**BACKGROUND:**
Geometric shapes help describe minerals. A platonic
solid is composed of a single repeated polygon. The five platonic solids are
the tetrahedron (4 triangles), cube (6 squares), icosahedron (20 triangles),
octahedron (8
triangles) and dodecahedron (12 pentagons). The Archimedean solids are
composed of combinations of polygons and named after the Greek philosopher
Archimedes.

The Greek philosopher Plato, who was born around 430
B.C., wrote about these five solids in a work called Timaeus. Historical
accounts vary a little, but it is usually agreed that the solids themselves
were discovered by the early Pythagoreans, perhaps by 450 B.C.

There is evidence that the Egyptians knew about at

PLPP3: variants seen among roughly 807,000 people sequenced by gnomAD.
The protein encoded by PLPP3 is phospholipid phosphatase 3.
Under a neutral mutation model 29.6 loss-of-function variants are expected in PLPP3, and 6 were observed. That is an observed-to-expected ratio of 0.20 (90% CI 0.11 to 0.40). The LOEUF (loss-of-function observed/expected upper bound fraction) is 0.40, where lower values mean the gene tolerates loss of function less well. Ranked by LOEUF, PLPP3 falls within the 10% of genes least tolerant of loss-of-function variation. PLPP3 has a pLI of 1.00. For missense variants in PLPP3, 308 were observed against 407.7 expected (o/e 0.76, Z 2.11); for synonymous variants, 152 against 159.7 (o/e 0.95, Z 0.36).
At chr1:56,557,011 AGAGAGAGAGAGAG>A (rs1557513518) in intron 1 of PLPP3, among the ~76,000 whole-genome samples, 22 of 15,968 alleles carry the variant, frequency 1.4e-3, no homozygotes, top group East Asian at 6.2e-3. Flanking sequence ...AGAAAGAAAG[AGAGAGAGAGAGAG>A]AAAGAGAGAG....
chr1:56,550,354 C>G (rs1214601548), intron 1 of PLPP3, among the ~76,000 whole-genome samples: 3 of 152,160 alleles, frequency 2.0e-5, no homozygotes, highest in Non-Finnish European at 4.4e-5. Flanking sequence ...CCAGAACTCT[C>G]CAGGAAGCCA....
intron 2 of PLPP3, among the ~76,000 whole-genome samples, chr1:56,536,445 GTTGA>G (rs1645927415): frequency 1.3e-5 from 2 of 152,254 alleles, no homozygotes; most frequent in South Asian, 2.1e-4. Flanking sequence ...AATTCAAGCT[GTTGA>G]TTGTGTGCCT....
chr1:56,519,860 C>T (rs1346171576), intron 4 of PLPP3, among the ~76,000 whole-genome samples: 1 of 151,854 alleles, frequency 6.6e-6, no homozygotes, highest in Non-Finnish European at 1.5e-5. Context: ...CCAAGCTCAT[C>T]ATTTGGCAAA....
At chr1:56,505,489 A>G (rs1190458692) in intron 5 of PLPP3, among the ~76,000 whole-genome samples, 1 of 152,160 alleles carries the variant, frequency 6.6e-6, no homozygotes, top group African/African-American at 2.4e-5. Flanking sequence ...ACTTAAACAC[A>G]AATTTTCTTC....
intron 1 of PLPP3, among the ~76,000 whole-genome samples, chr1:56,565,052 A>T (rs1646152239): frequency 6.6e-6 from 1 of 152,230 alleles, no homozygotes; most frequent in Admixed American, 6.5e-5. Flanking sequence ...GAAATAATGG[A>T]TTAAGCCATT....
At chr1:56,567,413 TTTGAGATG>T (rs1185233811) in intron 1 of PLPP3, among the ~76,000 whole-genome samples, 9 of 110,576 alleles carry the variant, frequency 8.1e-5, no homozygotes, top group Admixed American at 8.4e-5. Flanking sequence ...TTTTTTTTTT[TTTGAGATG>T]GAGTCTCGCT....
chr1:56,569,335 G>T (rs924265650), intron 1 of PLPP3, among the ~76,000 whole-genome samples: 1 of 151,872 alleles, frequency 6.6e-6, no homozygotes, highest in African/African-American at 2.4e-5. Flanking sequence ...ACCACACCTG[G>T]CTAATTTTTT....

least three of the solids; their work influenced the Pythagoreans. In any
case, Plato mentioned these solids in his writings He identified them with
the elements then commonly believed to make up all matter in the universe;
fire, air, water, earth, and the cosmos (the universe itself). Plato
identified fire atoms with the tetrahedron, earth atoms with the cube, air
atoms with the octahedron, water atoms with the icosahedron, and the cosmos
atoms with the dodecahedron.

**PROCEDURE:**
- Have the students make their own geometric forms using Googolplex. Use
the workbooks to direct their work. You may wish to have the students
work in groups.

- You may want the students to determine the geometries of the mineral
specimens that they used in the lab. The following key lists the
geometric shapes of the lab specimens, along those of some other common
minerals .

QUARTZ, AMETHYST, CITRINE (prism with six sides)

CALCITE, FELDSPAR, GYPSUM (3d parallelogram or rhombohedron)

HALITE, PYRITE, GALENA, (cube)

GARNET (dodecahedron (12 sides))

DIAMOND (hexatetrahedron or dipyramid (8 sides))

FLUORITE (isohedron)